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Downsizing by the Punk generation

Image result for punk design

It seems fitting that Tory housing minister Gavin Barwell has lost his seat in this month’s General Election because his Government has consistently failed to take the lead in solving the UK’s housing crisis.

He and his predecessors turned a blind eye to the tens of thousands of empty London homes owned by foreign companies and individuals.

They have watched as the UK’s property market has turned from an ‘own your own home’ ambition to one in which it is almost impossible to buy a new home in the centre of our towns and cities as companies latch onto to the profits to be made from the ‘built to rent’ generation.

There is still no obvious strategy for encouraging development in the places that need it and housing seems to be one area of policy where ‘leaving it to the market’ is not the whole answer.

The big plc housebuilders focus on large family homes on the outer edges of towns and cities, suburbs already well-served by mature three and four bedroom plus garden and garage housing stock.

These are owned by people in the last few decades of their lives, many of whom have raised children, supported the local schools and community and now want to focus on their own dreams and desires.

Downsizing is a trend that should be taking off far more quickly than it is doing. Today’s potential downsizers – the 50 – 75 age group – were teenagers in the late 1970s and early 1980s, in other words the punk generation.

They’ve grown up used to the concept of urban grit and one of the biggest trends in music and club life today is nostalgia for the 1980s.

This Generation X doesn’t have a problem with living In The City, as the Jam once sang. Their valuable suburban semi will more than adequately pay for a downtown pad. But, you can bet they want a spacious well-designed apartment with quality fittings and they don’t mind paying for it.

Their problem is these homes are not being built right now. The glut of new flats in city centres are mainly shoebox sized aimed at renters who have little choice, rather than buyers who would tell the developer and agent the pads they are trying to shift aren’t big enough to swing a mike stand round, let alone host a jukebox party for like-minded downsizing music lovers.

Servicing the downsizer market has several win-win scenarios. Cities get quality homes built in their centres, selling frees up family homes for a new generation with young kids, retail and leisure businesses get new, cash rich customers to satisfy, brownfield land and derelict buildings get regenerated adding a new chapter to the built environment for generations to enjoy for years to come.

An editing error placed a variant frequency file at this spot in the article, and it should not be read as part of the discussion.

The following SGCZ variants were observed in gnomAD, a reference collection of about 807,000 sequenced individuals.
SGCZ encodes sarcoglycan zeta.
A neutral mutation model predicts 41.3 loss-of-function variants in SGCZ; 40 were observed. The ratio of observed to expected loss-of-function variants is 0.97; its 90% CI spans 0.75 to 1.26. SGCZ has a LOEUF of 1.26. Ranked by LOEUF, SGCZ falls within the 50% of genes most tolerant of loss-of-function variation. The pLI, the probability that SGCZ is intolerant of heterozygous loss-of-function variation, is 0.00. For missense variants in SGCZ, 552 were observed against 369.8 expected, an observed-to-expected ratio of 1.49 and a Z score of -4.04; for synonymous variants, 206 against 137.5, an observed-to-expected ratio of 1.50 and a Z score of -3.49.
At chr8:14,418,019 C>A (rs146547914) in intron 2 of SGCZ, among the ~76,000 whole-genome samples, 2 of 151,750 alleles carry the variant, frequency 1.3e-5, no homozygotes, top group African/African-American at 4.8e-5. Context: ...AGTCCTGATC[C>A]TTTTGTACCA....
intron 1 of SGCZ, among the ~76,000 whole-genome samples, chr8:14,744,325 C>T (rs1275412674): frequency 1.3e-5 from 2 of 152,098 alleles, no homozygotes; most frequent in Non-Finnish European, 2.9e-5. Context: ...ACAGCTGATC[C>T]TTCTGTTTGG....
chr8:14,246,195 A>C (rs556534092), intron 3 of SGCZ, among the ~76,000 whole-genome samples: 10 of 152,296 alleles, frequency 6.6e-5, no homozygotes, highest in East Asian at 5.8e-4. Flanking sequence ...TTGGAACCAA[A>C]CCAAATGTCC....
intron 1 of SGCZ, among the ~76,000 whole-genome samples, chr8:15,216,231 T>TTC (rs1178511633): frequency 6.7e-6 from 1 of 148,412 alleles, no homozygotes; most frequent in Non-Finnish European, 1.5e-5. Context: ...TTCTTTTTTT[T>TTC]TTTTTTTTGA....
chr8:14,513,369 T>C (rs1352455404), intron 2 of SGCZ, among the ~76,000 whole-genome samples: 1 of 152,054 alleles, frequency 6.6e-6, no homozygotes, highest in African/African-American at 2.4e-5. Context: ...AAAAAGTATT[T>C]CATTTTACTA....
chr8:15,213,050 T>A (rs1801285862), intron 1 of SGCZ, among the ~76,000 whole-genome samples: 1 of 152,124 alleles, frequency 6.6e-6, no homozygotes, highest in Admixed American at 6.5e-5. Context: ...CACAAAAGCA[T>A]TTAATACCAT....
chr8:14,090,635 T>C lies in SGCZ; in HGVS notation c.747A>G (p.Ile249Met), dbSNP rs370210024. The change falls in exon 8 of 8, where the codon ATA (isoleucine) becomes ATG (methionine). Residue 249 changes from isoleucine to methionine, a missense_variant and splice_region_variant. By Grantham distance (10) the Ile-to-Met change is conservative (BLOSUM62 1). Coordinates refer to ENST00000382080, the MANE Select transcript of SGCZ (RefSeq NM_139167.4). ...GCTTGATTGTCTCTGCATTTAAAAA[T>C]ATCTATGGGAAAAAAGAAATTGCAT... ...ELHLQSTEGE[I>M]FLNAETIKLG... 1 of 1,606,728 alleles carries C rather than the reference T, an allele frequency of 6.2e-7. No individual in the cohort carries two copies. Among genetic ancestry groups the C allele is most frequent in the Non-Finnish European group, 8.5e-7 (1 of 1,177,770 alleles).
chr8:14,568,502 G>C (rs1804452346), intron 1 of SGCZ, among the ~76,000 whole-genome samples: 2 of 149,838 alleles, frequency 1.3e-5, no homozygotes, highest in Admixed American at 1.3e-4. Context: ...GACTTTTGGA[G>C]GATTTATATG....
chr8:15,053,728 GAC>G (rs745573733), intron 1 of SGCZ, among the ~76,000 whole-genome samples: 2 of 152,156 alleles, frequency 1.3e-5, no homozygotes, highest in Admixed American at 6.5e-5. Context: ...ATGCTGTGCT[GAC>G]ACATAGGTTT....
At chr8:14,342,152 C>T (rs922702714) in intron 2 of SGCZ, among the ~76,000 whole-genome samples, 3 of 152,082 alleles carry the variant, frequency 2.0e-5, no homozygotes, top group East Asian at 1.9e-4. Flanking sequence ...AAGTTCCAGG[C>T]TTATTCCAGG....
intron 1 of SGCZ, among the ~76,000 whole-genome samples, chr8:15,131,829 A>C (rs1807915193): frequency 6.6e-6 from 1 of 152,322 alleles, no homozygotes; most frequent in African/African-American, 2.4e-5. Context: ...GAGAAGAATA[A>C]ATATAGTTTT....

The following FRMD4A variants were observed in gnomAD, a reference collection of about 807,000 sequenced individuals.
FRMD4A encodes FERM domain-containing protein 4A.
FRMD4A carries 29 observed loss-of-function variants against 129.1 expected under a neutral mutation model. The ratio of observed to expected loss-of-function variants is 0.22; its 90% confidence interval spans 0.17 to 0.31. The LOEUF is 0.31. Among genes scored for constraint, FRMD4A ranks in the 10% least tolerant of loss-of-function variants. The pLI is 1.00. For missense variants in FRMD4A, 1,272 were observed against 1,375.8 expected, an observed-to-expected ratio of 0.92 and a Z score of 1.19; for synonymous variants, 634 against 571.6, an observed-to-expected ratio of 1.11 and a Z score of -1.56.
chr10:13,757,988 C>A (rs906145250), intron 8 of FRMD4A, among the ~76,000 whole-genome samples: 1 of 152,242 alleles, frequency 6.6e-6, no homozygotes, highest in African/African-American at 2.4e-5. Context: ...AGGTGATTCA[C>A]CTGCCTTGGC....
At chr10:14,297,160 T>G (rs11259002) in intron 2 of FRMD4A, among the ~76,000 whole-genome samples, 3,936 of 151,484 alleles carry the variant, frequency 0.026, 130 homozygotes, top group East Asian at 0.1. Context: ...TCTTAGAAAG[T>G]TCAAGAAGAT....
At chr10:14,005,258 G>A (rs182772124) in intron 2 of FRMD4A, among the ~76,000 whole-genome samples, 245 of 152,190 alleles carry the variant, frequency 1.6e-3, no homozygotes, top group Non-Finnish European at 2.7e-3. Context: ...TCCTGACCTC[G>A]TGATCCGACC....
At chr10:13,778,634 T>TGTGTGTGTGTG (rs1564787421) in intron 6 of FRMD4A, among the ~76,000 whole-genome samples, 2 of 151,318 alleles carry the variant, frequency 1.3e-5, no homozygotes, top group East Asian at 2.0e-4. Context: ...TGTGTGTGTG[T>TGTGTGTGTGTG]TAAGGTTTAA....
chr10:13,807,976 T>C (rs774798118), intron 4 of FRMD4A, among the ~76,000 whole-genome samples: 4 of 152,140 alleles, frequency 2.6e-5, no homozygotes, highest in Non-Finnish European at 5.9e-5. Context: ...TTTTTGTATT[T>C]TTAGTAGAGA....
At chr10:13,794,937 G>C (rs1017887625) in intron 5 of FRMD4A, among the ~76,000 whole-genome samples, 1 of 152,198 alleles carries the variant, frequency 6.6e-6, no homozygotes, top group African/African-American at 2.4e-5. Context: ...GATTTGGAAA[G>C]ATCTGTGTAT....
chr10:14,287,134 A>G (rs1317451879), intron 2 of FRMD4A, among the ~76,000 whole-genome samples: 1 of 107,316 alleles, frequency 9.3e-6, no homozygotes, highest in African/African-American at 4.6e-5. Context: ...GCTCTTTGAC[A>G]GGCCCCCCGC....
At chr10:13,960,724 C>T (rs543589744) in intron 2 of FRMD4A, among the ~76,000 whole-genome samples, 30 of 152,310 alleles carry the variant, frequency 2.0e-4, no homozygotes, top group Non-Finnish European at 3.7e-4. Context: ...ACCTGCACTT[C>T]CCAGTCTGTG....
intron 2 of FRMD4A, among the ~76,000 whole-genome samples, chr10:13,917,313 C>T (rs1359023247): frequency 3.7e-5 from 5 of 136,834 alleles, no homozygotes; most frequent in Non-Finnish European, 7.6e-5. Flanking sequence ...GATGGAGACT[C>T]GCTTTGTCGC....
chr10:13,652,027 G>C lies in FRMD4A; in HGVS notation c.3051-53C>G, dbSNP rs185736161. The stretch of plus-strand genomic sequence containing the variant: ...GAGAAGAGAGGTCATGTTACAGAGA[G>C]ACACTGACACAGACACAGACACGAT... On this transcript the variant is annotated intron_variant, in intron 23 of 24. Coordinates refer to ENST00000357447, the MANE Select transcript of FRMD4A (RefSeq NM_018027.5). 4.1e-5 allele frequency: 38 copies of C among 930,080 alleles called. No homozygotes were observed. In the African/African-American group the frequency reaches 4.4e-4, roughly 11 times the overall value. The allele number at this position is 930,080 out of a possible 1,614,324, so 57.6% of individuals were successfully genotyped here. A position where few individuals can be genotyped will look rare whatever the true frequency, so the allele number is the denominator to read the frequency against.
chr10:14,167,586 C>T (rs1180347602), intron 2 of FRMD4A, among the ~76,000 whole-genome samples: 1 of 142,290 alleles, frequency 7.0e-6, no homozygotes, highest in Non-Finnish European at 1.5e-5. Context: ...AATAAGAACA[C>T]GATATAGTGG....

A government is needed that give incentives to developers to satisfy this new market and gives local councils the power and leeway to facilitate the right sort of development unique to their local conditions.

The money that will be released into the economy through greater movement of property, extra stamp duty, etc, will filter into Government coffers.

This kind of quality development will also help to raise values to encourage and enable more landowners to regenerate in the right way.

Build enough of the right new homes and there can be a sustainable balance between owning and renting, young professionals’ pads and family townhouses, loft living and warehouse conversions, cutting edge environmentally responsible homes that cost more to build, but will prove worth it in the future.

A whole mix of exciting new neighbourhoods and new urban villages to bring back to life our often moribund and dilapidated city centres.

Large areas of our towns and cities are not owned by property developers, but individuals and companies who need encouragement and guidance to join the Regeneration Party – that’s who I would have voted for yesterday given half a chance.

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Neil Thornton

Neil Thornton

Director at Thornton Media
Neil Thornton is an award-winning writer and journalist who is an expert in property, housing, architecture and design.

He has been at the forefront of the UK property scene for 15 years and has been published in major newspapers, magazines and influential websites around the world.
Neil Thornton
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